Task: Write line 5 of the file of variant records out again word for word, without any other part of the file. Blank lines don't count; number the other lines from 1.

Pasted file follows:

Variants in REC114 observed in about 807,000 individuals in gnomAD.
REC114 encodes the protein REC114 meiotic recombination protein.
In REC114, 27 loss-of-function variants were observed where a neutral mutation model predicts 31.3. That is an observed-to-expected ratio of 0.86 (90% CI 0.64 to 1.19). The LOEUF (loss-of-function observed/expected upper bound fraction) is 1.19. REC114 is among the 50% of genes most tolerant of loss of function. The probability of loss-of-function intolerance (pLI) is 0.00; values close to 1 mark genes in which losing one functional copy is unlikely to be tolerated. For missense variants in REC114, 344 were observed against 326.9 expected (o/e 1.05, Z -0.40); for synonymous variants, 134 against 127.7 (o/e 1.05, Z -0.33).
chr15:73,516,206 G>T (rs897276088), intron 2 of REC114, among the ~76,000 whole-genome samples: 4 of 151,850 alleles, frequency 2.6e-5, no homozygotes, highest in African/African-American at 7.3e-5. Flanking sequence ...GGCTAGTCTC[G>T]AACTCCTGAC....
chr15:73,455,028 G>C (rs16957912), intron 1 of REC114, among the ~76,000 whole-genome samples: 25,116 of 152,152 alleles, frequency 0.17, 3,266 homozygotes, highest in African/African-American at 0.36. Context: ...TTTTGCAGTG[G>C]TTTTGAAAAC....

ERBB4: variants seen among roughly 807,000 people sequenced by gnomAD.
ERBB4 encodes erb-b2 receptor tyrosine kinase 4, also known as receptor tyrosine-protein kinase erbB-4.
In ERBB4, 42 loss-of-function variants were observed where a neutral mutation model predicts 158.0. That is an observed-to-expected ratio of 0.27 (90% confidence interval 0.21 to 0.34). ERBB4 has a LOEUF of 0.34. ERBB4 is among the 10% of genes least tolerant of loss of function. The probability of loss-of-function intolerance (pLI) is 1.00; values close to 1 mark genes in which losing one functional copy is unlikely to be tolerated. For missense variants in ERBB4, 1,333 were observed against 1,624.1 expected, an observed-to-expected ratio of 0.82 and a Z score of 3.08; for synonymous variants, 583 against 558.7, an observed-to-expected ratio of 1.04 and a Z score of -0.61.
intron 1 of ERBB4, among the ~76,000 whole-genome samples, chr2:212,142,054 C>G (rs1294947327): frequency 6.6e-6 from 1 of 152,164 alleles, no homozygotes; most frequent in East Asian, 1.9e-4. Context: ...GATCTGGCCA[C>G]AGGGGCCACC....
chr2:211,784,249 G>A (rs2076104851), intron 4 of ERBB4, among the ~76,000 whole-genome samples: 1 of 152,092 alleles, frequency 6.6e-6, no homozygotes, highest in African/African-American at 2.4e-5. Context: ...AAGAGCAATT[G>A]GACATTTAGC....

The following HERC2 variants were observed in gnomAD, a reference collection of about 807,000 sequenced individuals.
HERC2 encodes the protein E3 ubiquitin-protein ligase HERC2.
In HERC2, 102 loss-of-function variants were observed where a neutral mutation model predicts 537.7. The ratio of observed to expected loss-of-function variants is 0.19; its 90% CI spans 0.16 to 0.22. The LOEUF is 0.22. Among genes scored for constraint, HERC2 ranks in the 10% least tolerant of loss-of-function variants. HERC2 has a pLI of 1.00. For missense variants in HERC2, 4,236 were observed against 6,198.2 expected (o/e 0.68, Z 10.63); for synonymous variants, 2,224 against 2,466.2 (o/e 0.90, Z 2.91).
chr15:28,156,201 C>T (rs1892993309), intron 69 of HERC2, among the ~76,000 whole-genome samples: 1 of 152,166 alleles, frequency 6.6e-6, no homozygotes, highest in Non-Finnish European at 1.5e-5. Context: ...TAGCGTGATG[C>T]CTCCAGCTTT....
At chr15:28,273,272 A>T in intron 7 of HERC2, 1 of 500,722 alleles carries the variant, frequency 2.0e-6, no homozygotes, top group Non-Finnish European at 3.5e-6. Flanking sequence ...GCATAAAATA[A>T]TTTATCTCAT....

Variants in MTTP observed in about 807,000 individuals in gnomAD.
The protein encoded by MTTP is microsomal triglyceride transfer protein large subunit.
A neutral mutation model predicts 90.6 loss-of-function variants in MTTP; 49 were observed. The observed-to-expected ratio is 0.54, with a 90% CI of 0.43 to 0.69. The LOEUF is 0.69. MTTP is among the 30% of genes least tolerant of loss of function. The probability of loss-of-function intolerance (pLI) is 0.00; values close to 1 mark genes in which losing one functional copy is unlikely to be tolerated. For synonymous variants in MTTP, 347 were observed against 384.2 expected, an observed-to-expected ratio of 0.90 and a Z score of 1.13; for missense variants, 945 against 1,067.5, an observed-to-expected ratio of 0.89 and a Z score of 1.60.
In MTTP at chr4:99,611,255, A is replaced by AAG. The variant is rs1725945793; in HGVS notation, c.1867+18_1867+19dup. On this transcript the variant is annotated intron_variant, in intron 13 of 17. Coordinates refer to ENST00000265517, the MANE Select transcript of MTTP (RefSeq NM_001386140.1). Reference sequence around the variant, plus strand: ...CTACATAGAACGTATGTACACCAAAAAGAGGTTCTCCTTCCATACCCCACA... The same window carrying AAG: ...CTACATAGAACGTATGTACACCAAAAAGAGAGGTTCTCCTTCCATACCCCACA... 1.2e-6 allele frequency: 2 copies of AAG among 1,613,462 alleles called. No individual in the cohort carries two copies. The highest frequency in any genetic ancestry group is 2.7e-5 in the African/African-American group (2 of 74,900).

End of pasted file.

chr15:73,455,028 G>C (rs16957912), intron 1 of REC114, among the ~76,000 whole-genome samples: 25,116 of 152,152 alleles, frequency 0.17, 3,266 homozygotes, highest in African/African-American at 0.36. Context: ...TTTTGCAGTG[G>C]TTTTGAAAAC....